jQuery Object or Bust

We use jQuery in our web app. I’m starting to use more native JavaScript now that browsers are getting better at creating a consistent API for the native DOM and JavaScript features. But there’s still a lot of usefulness in jQuery, and sometimes when a function requires an input be a jQuery (DOM) object, we’ll need to check it and wrap it pass it to jQuery if it’s not already a jQuery object. (Alright kids, let’s see how many times can we say jQuery in a single paragraph!)

I’ve already written about this a couple times, and it keeps coming up because I keep trying to make it more efficient. Of course, the native document.getElementById(‘id’) and document.querySelectorAll(‘sel’) are usually the fastest way to get a DOM element, but if you still need that as a jQuery object, you gotta call jQuery anyway, so… Let’s try to speed that up, even if just a little bit.

Here’s the latest iteration of this (handy?) function:

function $$(el){
    var $el = el,
        id_prefix = /##|#:|id:/;
    // we only need to run this if el is not already a jQuery object
    if (!$el.jquery) {
        // special case for (faster?) handling of id
        // using a "special" id-only selector:
        //  "##", "#:", or "id:"
        // (this will tolerate crazy non-standard ids)
        // document.getElementyById("foo.bar/baz") ==
        // $$("##foo.bar/baz") == $$("#:foo.bar/baz") == $$("id:foo.bar/baz")
        if (el.search(id_prefix) === 0) {
            el = el.replace(id_prefix, "");
            $el = $(document.getElementById(el));
        // NOW try the standard jQuery selector
        else {
            $el = $(el);
    return $el;

// here's how we use it:
// attaching cached object on $$ for fun
$$.emailInput = $$("input[type='email']");
// now we can use jQuery's methods on it
$$.emailInput.on("focus", function(){
    this.value = "";

That’s it. This should be faster if we pass a selector that is an id (with special syntax), and will tolerate silly non-standard id values that could contain other strings that would mean something else in the context of a CSS-type selector (like dots for class, colons for pseudo-selectors, etc.).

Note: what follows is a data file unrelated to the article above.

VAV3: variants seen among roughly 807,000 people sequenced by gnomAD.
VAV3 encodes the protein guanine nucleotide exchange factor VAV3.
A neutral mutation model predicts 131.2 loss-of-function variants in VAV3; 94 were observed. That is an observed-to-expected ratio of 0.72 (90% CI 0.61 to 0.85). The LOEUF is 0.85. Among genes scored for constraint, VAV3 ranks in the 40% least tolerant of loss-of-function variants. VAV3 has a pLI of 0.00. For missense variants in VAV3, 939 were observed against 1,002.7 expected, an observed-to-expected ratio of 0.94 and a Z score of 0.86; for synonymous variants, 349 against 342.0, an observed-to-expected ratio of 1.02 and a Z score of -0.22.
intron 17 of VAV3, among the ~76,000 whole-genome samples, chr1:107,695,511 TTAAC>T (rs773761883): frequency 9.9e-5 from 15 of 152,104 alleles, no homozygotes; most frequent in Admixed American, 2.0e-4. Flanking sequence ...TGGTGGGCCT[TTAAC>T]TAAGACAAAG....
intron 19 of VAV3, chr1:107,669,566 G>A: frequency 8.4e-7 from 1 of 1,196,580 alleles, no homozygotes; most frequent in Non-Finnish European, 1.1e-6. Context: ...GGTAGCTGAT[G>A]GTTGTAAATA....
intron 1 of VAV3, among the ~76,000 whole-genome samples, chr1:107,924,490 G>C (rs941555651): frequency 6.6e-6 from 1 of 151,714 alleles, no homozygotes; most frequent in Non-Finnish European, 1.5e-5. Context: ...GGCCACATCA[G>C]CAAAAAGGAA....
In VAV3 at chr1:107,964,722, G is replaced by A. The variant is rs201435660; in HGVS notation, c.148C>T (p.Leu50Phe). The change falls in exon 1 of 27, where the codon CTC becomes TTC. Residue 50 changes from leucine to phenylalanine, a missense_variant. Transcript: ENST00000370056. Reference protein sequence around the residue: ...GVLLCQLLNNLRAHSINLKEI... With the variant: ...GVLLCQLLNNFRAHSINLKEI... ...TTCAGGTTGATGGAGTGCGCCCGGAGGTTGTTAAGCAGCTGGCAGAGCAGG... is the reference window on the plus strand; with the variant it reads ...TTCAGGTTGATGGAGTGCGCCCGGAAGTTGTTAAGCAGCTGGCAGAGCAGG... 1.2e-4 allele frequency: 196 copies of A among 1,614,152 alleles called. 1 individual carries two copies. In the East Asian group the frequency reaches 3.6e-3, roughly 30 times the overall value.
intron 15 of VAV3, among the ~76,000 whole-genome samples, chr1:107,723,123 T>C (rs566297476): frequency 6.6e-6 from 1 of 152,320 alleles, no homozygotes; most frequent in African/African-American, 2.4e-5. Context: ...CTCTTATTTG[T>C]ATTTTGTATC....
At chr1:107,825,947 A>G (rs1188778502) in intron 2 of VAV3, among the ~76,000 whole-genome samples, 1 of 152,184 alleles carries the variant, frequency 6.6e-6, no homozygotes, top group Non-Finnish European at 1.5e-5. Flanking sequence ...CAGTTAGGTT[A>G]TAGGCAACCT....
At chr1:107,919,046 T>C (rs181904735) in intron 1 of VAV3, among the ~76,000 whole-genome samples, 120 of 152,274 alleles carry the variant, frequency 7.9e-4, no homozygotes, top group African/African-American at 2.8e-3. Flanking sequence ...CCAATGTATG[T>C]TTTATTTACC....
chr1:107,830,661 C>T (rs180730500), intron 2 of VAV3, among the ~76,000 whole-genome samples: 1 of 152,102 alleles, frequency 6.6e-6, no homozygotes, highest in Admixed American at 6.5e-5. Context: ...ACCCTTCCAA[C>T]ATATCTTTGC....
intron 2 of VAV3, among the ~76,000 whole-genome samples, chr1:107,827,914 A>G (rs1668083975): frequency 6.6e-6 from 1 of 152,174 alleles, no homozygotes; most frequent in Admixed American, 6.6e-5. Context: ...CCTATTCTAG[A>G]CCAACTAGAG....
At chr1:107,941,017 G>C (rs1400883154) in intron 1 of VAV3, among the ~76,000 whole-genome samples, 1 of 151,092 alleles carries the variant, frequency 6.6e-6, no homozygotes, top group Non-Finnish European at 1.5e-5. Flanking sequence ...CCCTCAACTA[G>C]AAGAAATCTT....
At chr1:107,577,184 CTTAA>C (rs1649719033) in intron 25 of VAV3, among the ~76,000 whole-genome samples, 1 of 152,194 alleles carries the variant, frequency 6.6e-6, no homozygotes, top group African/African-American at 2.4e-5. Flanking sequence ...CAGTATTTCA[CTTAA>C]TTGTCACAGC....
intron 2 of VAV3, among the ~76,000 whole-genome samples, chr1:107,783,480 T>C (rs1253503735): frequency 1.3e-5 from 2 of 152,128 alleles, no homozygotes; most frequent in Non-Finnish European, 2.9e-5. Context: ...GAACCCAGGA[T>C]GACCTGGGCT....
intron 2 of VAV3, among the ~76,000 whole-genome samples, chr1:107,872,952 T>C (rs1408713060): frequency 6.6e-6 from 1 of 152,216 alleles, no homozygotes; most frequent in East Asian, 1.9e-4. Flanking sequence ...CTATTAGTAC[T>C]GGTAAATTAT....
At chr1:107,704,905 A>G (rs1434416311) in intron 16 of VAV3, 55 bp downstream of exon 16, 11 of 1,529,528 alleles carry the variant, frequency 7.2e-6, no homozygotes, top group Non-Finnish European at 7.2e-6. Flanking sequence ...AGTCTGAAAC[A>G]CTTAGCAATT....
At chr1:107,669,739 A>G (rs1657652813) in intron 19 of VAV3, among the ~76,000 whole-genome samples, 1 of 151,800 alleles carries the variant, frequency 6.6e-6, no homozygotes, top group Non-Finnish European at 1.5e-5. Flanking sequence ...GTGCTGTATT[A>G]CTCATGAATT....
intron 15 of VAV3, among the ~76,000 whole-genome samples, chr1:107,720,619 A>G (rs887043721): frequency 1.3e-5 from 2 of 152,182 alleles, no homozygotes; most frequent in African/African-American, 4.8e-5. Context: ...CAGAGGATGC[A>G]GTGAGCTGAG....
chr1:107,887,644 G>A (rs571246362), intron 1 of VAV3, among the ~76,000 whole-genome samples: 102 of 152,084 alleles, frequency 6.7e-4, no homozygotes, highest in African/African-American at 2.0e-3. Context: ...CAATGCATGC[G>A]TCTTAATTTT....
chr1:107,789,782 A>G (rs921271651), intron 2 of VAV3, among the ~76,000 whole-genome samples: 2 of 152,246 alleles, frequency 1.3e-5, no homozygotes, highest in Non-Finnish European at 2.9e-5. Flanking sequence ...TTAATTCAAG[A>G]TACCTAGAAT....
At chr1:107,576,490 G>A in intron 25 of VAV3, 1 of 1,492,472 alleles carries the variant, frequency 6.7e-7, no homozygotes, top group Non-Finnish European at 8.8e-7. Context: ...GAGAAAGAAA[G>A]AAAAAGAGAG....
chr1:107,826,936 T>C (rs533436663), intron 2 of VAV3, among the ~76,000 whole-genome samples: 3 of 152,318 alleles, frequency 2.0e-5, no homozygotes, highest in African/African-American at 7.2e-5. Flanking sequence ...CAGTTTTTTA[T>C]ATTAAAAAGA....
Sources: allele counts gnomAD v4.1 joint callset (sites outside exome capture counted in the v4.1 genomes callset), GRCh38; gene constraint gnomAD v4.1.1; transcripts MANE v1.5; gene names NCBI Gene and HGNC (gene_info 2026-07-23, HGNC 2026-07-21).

Object [Deep] Merge/Extend in POJS (Plain Ol’ JavaScript)

I know there are a lot of JavaScript libraries that include a method to merge/extend (we’ll call it merge from here on) plain objects, but what if: 1) you’re not using one of those (unlikely these days), or 2) you need to do some object merge magic before one of those handy libraries loads (very possible, and the reason why I wrote this function, which has probably been written thousands of times in the history of JavaScript, but oh well)?

Here’s a native JavaScript function to do just that…

In this example, I’m declaring a named function while also adding it as a method to an “APP” namespace object (you know, for the web app we’re writing).

// make sure we've got our APP namespace object
var APP = APP || {};

(function( undefined ){

    function isObject( obj ){
        return Object.prototype.toString.call(obj) === "[object Object]";

    if (!isObject(APP)) {
        APP = {}

    APP.mergeObjects = function mergeObjects( /* [true ,] objects */ ){

        var args = arguments,
            arg1 = args[0],
            arg2 = args[1] || {},
            len  = args.length,
            deep = false,
            i, arg, output = {};

        // first argument will be output object
        if ( isObject(arg1) ){
            output = arg1;
        // unless set to true
        else if ( arg1.toString() === "true" ){
            deep = true;
            output = arg2;

        // stop here and return the output object
        // if argument length is 0 or 1, or
        // if we're trying to deep merge a single object
        if ( len <= 1 || (len === 2 && deep === true) ){
            return output;

        function processObject( obj ){
            var prop;
            for ( prop in obj ){
                if ( obj.hasOwnProperty(prop) ){
                    if ( deep && isObject(obj[prop]) ){
                        output[prop] = mergeObjects( true, output[prop], obj[prop] );
                    else {
                        output[prop] = obj[prop];

        // loop over additional arguments
        for ( i = 1; i < len; i++ ){
            arg = args[i];
            if ( isObject(arg) ) {

        return output;



Giant function or crazy simple RegExp?

Working with some old code I ran across a 37-line JavaScript function that seems to just strip non-alphanumeric characters from a text <input>. It took a string as its argument and returned a sanitized string with underscores in place of the bogus characters. There was also a function to throw up a custom modal dialog telling the user their input was being ‘corrected’ before submission (but not giving them a chance to stop and change it if they’d like).